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VA’s commitment to timely processing of claims and appeals is merely lip service

There is a saying amongst veterans waiting for their disability claims and appeals to be processed that VA’s motto is “delay, deny, wait ‘til I die.” Recently, this sentiment was on full display during an oral argument before the U.S. Court of Appeals for Veterans Claims (CAVC) in Monk v. Wilkie.

The Monk case centers around two important issues for veterans: the CAVC’s ability to decide class action lawsuits, and whether the U.S. Department of Veterans Affairs (VA)’s delay in adjudicating claims constituted a violation of the right to due process under the Fifth Amendment to the U.S. Constitution.

The latter argument is, unfortunately, a familiar one to veterans who have experience filing a disability compensation claim or an appeal of that claim at VA. Although the substance of the argument is a frequent refrain from veterans, what was unusual about this argument was VA’s brazen response when pressed about the delays.

Specifically, in an exchange with Judge Michael P. Allen, attorneys from the VA Office of General Counsel stated that a delay of 100 years to decide a disability claim was not per se unreasonable. The exchange went as follows:

Judge Allen: “Is there any period of time in which you would be able to tell me, simply knowing the number of years, that it’s not just likely but it is unreasonable? A hundred years?”

OGC Attorney: “No your honor, because the duty to assist could require the VA under this court’s case law if it was an increased rating claim and the day before the veteran said my disability has worsened that requires VA to provide him a new exam.”

Judge Allen: “So… think about this. You’re representing the Secretary of Veterans Affairs of the United States. OK?  Yet you just told me … that if VA waited 100 years to decide a claim that might be reasonable. I really want you to be very careful if that’s going to be your position.”

OGC Attorney: “It would be extremely unlikely that that would ever happen…”

Judge Allen: “I did not ask you that. In my hypothetical it has happened. It is a hundred years. Can the Secretary of Veterans Affairs take the position in public now that a hundred year delay is unreasonable. I cannot believe you are fighting on this question.”

OGC Attorney: “No your honor we stand by our answer.”

Veterans and their advocates shouldn’t just be shocked by VA’s answer, they should be outraged.

Although VA has publicly stated that it has gone to great lengths to reduce wait times for both claims and appeals in recent years, VA’s position during oral argument in the Monk case evidences a contrary intent; that VA’s commitment to timely processing of claims and appeals is merely lip service.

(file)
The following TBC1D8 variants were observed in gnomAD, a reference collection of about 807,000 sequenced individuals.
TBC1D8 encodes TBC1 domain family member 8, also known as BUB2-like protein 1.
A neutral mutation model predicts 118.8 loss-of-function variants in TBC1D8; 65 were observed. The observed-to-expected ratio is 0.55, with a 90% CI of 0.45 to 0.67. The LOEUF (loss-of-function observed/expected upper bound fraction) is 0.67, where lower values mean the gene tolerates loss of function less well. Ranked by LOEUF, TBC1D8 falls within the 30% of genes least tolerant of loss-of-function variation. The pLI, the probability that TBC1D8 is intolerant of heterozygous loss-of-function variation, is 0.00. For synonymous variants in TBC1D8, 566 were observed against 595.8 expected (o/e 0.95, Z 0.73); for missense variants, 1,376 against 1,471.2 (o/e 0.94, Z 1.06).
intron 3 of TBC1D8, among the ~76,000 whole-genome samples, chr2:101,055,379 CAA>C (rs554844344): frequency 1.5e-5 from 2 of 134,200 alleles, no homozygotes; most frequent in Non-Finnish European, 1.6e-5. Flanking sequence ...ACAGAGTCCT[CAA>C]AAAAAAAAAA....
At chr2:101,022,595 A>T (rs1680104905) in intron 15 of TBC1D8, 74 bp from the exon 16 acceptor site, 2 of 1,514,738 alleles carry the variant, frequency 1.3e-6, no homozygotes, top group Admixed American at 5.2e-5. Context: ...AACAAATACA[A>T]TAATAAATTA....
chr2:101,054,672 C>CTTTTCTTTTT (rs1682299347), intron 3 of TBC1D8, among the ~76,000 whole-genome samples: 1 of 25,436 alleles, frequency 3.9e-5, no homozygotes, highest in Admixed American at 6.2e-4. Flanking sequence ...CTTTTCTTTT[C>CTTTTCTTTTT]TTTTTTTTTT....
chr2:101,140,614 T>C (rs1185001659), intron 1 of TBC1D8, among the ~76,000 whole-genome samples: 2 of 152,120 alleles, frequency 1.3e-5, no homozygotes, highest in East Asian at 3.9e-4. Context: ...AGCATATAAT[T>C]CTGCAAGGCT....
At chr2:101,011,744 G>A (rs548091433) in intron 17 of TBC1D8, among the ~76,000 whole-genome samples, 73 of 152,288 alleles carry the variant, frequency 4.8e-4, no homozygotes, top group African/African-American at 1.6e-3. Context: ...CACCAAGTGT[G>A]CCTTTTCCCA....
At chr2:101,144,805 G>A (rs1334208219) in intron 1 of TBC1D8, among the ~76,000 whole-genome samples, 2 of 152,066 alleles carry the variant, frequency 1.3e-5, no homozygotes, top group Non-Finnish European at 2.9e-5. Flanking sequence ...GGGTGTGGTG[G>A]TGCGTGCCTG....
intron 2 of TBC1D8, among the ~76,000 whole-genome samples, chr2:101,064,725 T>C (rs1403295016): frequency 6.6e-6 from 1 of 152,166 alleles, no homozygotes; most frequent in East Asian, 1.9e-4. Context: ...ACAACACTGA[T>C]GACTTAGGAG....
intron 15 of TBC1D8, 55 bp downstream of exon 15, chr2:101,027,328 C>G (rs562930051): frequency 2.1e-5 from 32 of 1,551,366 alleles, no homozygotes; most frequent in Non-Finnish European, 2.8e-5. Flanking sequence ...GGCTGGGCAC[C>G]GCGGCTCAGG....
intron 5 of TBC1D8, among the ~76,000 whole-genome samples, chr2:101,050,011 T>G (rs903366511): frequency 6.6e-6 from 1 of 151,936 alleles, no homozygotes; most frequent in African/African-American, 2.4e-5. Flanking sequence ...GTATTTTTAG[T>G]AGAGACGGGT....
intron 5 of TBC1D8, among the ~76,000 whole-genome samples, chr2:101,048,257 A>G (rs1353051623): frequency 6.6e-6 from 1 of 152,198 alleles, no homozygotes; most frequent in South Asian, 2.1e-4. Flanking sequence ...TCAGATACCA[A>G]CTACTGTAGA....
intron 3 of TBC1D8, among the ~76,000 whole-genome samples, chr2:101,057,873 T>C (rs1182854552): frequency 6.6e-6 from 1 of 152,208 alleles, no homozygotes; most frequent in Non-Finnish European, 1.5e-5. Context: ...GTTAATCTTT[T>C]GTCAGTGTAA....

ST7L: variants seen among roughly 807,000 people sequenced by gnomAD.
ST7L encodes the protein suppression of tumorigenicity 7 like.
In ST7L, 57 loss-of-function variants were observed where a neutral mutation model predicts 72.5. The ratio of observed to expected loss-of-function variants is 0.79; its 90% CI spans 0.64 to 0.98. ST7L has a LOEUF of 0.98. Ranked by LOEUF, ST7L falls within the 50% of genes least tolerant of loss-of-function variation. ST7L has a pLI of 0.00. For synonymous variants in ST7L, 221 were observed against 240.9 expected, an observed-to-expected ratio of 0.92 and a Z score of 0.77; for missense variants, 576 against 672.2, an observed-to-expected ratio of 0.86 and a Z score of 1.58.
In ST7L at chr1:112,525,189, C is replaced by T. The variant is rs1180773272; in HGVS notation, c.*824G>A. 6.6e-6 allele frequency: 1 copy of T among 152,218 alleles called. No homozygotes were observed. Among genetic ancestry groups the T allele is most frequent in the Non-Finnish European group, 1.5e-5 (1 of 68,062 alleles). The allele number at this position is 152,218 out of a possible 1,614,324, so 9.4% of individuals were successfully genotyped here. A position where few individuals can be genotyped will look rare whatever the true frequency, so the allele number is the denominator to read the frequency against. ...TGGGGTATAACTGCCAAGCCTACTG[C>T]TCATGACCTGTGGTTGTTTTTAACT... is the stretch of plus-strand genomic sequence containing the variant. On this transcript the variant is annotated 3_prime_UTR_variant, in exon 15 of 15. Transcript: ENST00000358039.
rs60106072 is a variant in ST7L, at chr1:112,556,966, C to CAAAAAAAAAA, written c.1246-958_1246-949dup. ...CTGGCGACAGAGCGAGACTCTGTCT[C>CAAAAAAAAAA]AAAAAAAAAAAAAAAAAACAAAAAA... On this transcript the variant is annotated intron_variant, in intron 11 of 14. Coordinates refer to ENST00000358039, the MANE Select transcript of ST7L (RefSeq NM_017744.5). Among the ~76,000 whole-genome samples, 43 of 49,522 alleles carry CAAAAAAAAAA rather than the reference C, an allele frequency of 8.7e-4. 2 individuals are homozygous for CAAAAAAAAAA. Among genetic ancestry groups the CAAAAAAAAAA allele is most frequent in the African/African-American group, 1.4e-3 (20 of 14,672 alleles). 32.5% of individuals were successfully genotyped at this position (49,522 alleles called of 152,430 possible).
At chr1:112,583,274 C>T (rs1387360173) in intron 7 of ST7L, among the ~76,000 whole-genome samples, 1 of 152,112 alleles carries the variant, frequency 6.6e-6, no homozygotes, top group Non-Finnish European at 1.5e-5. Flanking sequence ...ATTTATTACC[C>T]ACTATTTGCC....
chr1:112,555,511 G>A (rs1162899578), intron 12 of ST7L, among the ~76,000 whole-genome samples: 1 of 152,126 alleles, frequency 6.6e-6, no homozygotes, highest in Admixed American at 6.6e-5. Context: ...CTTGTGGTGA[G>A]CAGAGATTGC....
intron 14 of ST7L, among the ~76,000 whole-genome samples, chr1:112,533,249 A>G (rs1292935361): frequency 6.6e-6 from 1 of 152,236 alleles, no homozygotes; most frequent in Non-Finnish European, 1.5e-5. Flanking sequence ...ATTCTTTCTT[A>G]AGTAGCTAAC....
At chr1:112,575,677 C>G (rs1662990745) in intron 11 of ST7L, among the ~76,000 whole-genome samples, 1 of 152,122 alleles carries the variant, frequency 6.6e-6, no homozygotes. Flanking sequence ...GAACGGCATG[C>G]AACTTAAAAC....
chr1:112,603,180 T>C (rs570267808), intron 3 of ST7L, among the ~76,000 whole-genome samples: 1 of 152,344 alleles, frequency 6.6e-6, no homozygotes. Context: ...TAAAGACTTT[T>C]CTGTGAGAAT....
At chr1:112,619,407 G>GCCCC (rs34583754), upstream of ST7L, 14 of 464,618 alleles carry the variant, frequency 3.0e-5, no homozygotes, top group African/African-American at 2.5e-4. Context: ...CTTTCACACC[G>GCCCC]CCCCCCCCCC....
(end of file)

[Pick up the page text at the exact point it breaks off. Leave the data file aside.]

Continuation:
The problems with VA’s stance in Monk are numerous.

First, there is a long-standing policy that processing delays harm veterans. As held in Hayburn’s Case, a 1792 decision by the U.S. Supreme Court about the harm caused by delays in adjudicating veterans’ benefits claims, “many unfortunate and meritorious individuals whom Congress have justly thought proper objects of immediate relief may suffer great distress even by a short delay, and may be utterly ruined by a long one.”

Second, the CAVC’s more recent case law is also contrary to VA’s position.  In one of its first precedential decisions, the CAVC held in Erspamer v. Derwinski, “a continuation of a ten year delay in resolving petitioner’s claim and the inadvertent or intentional failure to comply with the remand orders of the [Board of Veterans’ Appeals] could well serve to frustrate the potential or prospective appellate jurisdiction of this court.”

Third, and most compellingly, there is also the common-sense argument. Although legal decisions often turn on technicalities, the need for 100 years to process a veteran’s claim — given that the average life expectancy in the U.S. is only 78 years — and indeed about a year less for the average veteran — is absurd.

According to Stacey-Rae Simcox, Director of the Veterans Law Institute and Veterans Advocacy Clinic at Stetson University College of Law:

“The VA’s job is to take care of our veterans and when testifying before Congress and talking to the press the VA insists they are working hard to make decisions on veterans’ claims quickly.  However, the VA’s insistence to the Court that is tasked with reviewing the VA’s actions that 25, 50, even 100 year delays might be reasonable in adjudicating a veteran’s claims is an indication that not of all the VA is taking the pledge to take care of veterans seriously.  The public should be concerned about this issue.”

William E. Gladstone, the former Prime Minister of Great Britain, once famously said that “justice delayed is justice denied.” Per its argument in the Monk case, VA confirmed that it has no qualms about delaying, and therefore denying, justice to veterans.

This is simply unacceptable, and our lawmakers and stakeholders must come together to hold VA accountable.

Rory E. Riley-Topping served as a litigation staff attorney for the National Veterans Legal Services Program (NVLSP), where she represented veterans and their survivors before the U.S. Court of Appeals for Veterans Claims. She also served as the staff director and counsel for the House Committee on Veterans’ Affairs, Subcommittee on Disability Assistance and Memorial Affairs for former Chairman Jeff Miller (R-Fla.). You can find her on Twitter: @RileyTopping.

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